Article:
Pakistan's Indus River Barrage To Mitigate Climate Impacts On Wetlands, Human Migration

12 Aug 2019 by Staff - Water Diplomat

Pakistan Prime Minister Imran Khan has approved development of the ambitious “Sindh Barrage” on the Indus River.

Located about 28 miles upstream from the mouth of the river at the Arabian Sea and about 80 miles east of Karachi, the Sindh Barrage was proposed by Pakistan Water and Power Development Authority (WAPDA) to address water issues in the region.

“It is really a unique project that will not only help the government finally end the water-related issues but also bring back the life in the area, which is no more due to sea intrusion, land erosion and migration of a huge population,” WAPDA chairman retired Lt. Gen. Muzammil explained to Dawn.

Seawater intrusion has adversely affected the quality and availability of freshwater for both irrigation and domestic use; climate change has affected wetland habitats, mangroves and marine life. Land has eroded and livelihoods have been affected, causing mass migration. The Barrage Project is seen as a way to restore the water quality, approval for “fast track” development August 7.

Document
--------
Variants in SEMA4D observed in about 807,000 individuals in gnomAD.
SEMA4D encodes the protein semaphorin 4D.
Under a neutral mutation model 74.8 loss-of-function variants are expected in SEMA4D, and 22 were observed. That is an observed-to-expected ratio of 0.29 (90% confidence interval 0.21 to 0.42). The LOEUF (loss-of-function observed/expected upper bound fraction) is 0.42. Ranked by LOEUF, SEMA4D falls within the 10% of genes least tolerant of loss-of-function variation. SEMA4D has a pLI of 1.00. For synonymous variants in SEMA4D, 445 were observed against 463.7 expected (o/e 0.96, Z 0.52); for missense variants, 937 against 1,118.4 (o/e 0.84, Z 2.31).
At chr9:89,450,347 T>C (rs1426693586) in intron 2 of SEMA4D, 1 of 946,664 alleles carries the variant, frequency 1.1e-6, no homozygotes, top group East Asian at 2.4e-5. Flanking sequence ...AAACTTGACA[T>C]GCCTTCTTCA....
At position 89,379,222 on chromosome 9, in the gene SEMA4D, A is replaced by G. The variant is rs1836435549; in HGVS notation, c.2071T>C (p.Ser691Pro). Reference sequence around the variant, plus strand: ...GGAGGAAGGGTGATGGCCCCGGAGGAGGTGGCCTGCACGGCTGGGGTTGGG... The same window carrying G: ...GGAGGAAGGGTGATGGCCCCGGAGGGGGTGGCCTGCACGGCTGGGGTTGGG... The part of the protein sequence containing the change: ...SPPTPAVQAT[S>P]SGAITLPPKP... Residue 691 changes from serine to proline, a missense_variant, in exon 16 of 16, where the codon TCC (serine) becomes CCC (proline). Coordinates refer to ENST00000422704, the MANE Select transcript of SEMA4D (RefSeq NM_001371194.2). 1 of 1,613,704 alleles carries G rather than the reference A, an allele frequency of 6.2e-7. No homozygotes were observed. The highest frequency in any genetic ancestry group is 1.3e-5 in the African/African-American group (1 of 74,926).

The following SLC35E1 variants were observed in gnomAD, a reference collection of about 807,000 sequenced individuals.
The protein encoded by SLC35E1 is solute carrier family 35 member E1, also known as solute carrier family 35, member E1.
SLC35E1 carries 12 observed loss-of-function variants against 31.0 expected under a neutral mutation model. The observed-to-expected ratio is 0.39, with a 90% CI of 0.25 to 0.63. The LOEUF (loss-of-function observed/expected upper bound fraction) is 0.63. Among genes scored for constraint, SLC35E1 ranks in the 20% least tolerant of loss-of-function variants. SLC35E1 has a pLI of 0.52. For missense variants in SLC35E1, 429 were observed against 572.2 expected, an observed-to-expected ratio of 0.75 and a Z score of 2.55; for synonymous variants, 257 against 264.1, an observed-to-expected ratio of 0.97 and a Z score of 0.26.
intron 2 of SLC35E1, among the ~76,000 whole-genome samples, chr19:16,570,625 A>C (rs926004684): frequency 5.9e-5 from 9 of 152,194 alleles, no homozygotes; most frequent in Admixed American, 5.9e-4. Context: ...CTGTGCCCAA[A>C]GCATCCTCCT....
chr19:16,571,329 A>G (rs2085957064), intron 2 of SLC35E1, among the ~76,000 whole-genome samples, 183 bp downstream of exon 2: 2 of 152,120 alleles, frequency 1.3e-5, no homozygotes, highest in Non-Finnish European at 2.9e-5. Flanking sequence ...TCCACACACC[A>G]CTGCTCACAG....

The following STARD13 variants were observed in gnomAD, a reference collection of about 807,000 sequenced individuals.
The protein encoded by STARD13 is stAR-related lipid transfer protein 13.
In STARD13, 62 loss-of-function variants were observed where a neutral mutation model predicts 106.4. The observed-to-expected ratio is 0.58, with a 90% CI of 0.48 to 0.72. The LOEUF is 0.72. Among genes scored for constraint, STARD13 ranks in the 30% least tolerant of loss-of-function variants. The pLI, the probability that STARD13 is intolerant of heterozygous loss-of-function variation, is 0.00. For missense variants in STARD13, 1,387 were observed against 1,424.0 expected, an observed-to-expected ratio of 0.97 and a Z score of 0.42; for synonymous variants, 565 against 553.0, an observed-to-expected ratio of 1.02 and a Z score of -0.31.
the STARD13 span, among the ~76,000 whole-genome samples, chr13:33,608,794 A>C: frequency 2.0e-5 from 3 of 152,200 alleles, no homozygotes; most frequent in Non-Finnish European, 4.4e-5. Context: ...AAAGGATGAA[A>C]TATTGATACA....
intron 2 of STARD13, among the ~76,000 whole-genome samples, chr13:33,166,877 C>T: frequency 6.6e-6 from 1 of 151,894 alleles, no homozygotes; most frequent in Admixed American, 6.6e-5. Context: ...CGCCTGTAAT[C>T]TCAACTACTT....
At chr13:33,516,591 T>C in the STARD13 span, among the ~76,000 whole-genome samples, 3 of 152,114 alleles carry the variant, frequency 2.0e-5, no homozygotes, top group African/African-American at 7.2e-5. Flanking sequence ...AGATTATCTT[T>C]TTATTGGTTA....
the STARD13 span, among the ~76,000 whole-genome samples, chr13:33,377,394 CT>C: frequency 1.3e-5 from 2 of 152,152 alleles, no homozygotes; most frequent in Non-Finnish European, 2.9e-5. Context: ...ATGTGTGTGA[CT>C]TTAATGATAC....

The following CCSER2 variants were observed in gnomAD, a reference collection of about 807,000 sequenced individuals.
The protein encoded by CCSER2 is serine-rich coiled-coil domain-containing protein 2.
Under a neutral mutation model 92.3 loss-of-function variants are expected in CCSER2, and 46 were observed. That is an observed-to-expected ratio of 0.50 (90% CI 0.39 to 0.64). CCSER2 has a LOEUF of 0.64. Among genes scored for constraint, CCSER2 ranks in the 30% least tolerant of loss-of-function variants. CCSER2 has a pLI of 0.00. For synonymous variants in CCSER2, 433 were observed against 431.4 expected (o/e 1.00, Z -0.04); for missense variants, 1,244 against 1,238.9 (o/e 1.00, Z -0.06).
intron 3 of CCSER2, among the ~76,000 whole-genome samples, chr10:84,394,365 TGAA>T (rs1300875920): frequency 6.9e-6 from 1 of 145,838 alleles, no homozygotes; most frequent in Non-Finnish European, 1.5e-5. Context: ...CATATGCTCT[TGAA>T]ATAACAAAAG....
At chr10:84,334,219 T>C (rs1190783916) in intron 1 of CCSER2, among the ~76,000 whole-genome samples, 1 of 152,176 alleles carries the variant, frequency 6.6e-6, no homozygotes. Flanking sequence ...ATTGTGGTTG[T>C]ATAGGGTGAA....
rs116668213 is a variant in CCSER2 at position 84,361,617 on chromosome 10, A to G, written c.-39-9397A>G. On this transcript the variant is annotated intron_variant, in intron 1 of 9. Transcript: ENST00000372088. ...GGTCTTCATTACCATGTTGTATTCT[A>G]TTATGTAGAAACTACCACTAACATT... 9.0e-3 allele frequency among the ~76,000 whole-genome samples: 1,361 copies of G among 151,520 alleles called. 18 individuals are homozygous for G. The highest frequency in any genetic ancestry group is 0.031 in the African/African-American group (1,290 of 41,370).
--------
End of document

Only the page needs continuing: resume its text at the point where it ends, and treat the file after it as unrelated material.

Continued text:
WAPDA will begin feasibility studies immediately. These will be examined by external consultants by the end of next year, with full detailed engineering to be complete by December 2021. It is expected that the project will be completed by December 2024.

The scope of the work will improve irrigation water supply, provide flood mitigation, restore the ecology of the river so that marine life can prosper.

“We appreciate the PM for giving us a go-ahead to execute this important project that is aimed at resolving the long-standing water issues in Sindh,” the Wapda chairman said.